Like other areas of a business, an effective information management strategy will identify, assess, evaluate and mitigate risks. Businesses face numerous IM related risks every day, including non-compliance to regulatory recordkeeping requirements, unauthorised data destruction, cyberattacks, data breaches, and lost or leaked intellectual property (IP) or other valuable information. Depending on the business and industry sector, there may also be risks associated with the inability to find information related to a legal proceeding or Freedom of Information (FOI) request.

According to data from The Office of the Australian Information Commissioner, Australians were targeted in more than 300 major data breaches during the first six months of 2018 alone, impacting millions, and these stats continue to grow in 2019.

Objective 5: Ensuring regulatory and legislative compliance

Business information is subject to regulations and legislation governing how it should be collected, managed, used, and disposed of. Consider the GDPR policy or Australia’s Spam Act 2003. The obligation of maintaining records is a part of every modern business, regardless of size or industry—consider tax filings, employment records and financial records. To what degree recordkeeping is required depends on the industry. Government organisations have an even greater responsibility as they serve the public. Non-compliance poses a significant risk to organisations that needs to be addressed in order to avoid legal, financial and PR ramifications.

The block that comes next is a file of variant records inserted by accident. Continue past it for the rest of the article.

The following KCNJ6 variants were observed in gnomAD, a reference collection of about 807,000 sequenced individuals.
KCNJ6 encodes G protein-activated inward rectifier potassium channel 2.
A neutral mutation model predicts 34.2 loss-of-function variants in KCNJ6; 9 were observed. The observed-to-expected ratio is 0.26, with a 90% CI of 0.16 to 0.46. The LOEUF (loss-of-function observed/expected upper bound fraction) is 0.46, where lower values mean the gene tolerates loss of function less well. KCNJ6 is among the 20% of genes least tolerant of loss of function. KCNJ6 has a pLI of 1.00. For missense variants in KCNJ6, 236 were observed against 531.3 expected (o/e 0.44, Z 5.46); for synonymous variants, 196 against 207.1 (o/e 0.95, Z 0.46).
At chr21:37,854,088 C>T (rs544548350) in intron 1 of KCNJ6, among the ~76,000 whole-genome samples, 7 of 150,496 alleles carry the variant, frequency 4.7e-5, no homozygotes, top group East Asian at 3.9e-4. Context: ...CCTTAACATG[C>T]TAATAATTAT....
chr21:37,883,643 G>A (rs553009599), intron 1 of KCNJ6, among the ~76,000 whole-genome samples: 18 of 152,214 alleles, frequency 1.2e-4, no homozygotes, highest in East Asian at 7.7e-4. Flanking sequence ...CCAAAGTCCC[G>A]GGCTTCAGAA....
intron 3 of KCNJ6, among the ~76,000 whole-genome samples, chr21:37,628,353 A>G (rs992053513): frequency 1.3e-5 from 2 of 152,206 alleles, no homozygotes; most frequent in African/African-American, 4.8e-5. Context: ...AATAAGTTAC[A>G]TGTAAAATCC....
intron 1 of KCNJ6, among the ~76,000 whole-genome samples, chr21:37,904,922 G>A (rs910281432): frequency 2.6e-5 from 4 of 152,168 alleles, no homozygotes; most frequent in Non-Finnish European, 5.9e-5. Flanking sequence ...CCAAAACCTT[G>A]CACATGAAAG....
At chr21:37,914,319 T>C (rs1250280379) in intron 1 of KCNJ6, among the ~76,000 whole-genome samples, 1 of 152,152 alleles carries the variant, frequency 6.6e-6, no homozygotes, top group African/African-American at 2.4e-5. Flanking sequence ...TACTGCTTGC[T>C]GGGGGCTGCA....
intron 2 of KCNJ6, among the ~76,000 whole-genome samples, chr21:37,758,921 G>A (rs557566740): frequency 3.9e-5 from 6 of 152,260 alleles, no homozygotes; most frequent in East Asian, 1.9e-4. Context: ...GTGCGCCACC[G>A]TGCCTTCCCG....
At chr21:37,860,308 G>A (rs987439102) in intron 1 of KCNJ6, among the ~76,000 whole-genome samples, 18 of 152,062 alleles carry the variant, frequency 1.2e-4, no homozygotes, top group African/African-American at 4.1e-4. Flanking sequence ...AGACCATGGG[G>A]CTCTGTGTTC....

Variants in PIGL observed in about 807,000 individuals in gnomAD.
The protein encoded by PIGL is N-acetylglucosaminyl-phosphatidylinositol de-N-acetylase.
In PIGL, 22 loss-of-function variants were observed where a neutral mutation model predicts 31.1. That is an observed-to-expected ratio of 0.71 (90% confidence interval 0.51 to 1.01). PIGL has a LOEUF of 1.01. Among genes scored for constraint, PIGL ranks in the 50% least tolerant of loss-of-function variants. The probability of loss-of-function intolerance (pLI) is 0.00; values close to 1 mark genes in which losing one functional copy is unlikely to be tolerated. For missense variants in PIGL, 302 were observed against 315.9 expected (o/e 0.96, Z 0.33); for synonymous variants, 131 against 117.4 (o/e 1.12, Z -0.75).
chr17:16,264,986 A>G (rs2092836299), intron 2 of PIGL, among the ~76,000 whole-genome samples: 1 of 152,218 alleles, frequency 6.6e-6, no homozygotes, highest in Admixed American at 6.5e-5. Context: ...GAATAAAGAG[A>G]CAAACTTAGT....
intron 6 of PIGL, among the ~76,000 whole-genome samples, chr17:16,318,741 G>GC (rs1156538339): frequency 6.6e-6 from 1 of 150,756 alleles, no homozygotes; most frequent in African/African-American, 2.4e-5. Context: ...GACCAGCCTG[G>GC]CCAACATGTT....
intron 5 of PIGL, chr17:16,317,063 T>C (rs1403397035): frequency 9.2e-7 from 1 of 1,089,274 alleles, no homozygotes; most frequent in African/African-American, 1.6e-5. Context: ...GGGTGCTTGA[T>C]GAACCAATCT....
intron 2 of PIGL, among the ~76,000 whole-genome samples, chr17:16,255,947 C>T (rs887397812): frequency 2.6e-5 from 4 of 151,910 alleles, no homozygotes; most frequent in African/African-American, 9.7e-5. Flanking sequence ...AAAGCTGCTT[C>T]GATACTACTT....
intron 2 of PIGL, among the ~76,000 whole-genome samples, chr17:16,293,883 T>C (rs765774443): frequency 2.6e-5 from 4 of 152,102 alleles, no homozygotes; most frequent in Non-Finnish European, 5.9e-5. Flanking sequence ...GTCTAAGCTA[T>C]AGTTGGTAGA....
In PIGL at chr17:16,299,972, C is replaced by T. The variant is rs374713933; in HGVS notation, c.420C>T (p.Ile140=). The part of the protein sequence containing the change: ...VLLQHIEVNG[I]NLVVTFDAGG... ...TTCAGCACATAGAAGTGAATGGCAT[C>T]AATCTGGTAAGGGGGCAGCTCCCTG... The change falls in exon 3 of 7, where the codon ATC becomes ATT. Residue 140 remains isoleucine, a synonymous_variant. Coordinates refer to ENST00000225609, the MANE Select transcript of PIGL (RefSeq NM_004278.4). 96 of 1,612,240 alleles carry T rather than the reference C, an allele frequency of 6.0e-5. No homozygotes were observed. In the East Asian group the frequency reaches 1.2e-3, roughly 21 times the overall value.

In order to minimise risk, it’s critical to understand the various policies and legislation affecting your business, which often covers a lot of ground.

Objective 6: Effectively managing the lifecycle of information assets

An information management strategy provides the framework, policies, procedures, and processes to manage information throughout its lifecycle. It considers the people, processes and technologies required to help to protect, manage and extend the value and usefulness of information. Lifecycle management focuses on developing a better understanding of how information is created, managed and used within an organisation, and looks for ways to reduce inefficiencies and prioritise usefulness over time.

Objective 7: Promoting and supporting collaboration both internally and externally